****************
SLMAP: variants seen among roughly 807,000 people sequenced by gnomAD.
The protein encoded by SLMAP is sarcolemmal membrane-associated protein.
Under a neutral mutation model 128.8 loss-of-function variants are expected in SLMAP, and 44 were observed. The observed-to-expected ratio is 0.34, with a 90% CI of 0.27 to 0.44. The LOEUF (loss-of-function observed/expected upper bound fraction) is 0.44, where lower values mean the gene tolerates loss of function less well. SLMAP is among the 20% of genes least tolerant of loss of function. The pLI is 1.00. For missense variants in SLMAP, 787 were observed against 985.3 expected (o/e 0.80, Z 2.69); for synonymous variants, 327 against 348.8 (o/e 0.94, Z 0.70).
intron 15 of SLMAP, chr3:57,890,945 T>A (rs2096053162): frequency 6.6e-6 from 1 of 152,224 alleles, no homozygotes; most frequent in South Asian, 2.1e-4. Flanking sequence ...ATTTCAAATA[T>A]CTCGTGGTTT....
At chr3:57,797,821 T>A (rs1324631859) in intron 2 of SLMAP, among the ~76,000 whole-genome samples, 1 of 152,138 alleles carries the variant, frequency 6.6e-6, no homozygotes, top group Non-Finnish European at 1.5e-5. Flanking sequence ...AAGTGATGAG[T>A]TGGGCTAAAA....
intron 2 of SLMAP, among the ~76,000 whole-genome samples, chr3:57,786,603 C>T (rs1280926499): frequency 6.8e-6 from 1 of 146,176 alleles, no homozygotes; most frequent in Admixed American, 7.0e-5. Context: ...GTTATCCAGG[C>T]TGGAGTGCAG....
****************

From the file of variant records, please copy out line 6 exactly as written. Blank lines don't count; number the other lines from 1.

intron 2 of SLMAP, among the ~76,000 whole-genome samples, chr3:57,786,603 C>T (rs1280926499): frequency 6.8e-6 from 1 of 146,176 alleles, no homozygotes; most frequent in Admixed American, 7.0e-5. Context: ...GTTATCCAGG[C>T]TGGAGTGCAG....